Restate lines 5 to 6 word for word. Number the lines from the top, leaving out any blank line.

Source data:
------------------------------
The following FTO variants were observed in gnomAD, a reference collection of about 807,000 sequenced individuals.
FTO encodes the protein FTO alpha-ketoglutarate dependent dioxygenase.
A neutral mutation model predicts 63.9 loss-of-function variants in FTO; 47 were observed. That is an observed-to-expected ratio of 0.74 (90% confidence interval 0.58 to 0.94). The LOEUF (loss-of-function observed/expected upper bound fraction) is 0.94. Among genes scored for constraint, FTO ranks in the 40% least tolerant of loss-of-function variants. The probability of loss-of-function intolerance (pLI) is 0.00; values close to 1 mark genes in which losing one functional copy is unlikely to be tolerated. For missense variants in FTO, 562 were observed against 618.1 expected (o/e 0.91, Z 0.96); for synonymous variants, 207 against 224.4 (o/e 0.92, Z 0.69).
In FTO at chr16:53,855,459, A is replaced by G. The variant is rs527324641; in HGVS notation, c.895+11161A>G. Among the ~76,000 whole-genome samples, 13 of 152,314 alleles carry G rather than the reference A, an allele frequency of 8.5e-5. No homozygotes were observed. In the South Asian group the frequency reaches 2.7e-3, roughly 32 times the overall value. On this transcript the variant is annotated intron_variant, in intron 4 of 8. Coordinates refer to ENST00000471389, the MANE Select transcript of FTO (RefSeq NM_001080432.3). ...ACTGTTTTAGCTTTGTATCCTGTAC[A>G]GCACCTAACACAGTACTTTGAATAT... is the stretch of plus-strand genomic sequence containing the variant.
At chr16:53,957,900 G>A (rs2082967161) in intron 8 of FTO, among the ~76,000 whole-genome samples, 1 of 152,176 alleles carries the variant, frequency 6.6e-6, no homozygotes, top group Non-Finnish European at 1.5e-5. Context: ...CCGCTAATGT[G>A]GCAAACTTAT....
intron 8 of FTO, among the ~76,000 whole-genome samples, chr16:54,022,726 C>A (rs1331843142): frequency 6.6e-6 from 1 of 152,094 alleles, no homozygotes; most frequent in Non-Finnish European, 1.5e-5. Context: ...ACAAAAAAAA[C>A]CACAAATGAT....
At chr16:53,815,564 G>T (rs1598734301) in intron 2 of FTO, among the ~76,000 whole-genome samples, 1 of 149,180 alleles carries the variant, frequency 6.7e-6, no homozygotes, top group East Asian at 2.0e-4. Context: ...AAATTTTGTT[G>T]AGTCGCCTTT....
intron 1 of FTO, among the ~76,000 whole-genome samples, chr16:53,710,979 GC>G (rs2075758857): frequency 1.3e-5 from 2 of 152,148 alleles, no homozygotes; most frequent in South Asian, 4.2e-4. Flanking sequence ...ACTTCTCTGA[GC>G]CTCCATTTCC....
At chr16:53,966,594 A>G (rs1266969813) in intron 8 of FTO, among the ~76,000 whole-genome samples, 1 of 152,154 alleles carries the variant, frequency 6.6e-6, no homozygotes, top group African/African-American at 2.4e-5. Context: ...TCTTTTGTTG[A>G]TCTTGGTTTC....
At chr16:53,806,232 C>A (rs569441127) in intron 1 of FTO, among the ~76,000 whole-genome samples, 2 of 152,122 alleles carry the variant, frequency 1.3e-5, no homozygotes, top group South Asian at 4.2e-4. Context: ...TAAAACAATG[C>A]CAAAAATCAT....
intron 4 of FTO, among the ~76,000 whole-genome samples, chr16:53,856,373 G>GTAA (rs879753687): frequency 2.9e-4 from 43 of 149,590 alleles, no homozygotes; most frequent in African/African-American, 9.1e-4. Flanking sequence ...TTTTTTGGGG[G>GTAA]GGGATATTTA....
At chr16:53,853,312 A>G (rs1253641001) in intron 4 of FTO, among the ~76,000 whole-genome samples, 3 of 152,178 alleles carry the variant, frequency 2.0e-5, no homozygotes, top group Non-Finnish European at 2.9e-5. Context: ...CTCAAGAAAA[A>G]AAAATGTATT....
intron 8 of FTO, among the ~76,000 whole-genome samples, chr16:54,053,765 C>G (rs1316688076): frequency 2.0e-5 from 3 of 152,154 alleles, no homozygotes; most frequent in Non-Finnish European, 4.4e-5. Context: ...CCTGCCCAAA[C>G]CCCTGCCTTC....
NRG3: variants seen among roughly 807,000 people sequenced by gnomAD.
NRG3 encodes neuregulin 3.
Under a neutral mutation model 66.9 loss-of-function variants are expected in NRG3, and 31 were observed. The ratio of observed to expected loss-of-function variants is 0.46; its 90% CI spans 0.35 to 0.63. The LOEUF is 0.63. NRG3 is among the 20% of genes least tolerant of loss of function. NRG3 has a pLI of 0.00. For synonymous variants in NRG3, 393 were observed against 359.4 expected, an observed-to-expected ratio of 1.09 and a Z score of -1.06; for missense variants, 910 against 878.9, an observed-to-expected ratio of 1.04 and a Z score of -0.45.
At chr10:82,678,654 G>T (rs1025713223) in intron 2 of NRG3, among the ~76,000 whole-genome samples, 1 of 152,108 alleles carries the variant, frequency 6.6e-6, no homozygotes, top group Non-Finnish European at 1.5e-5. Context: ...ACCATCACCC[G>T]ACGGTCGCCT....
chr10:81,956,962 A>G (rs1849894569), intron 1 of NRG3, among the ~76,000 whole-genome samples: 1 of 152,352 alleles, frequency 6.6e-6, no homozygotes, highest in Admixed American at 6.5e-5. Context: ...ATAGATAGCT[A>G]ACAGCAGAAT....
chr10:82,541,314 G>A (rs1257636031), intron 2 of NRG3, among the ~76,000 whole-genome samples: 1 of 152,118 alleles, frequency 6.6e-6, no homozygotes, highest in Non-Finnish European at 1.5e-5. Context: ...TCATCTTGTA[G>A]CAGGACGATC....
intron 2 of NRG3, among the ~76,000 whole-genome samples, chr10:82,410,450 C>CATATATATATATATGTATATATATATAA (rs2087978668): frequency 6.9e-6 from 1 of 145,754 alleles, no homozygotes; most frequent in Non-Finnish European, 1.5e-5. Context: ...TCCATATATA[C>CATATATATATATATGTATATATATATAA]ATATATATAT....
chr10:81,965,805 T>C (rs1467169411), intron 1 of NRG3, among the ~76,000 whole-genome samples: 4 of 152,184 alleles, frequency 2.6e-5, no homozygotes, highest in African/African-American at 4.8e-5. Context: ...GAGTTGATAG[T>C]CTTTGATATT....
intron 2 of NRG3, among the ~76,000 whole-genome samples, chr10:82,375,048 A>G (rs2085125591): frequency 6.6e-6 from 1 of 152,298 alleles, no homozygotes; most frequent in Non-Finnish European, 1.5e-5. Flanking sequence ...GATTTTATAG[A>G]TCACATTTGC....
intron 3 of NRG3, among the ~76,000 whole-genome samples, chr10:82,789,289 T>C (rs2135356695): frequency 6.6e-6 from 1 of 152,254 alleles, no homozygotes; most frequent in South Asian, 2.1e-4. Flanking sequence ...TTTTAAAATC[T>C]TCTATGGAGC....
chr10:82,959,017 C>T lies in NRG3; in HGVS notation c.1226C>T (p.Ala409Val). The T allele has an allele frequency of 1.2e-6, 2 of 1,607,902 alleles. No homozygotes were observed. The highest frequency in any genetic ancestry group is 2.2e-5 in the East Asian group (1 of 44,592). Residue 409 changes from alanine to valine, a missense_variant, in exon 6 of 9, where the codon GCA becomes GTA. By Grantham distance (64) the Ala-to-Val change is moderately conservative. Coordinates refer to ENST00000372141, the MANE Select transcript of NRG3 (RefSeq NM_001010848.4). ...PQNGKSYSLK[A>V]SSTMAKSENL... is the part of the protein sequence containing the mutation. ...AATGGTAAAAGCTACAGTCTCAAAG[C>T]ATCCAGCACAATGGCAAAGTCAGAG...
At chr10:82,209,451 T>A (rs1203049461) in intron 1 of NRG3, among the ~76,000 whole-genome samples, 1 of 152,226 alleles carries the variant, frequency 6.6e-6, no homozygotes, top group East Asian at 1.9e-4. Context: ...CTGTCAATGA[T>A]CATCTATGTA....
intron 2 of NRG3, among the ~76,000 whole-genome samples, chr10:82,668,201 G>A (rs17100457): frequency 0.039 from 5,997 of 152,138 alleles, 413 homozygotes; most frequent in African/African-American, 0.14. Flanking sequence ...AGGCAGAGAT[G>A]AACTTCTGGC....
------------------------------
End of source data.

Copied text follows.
At chr16:53,957,900 G>A (rs2082967161) in intron 8 of FTO, among the ~76,000 whole-genome samples, 1 of 152,176 alleles carries the variant, frequency 6.6e-6, no homozygotes, top group Non-Finnish European at 1.5e-5. Context: ...CCGCTAATGT[G>A]GCAAACTTAT....
intron 8 of FTO, among the ~76,000 whole-genome samples, chr16:54,022,726 C>A (rs1331843142): frequency 6.6e-6 from 1 of 152,094 alleles, no homozygotes; most frequent in Non-Finnish European, 1.5e-5. Context: ...ACAAAAAAAA[C>A]CACAAATGAT....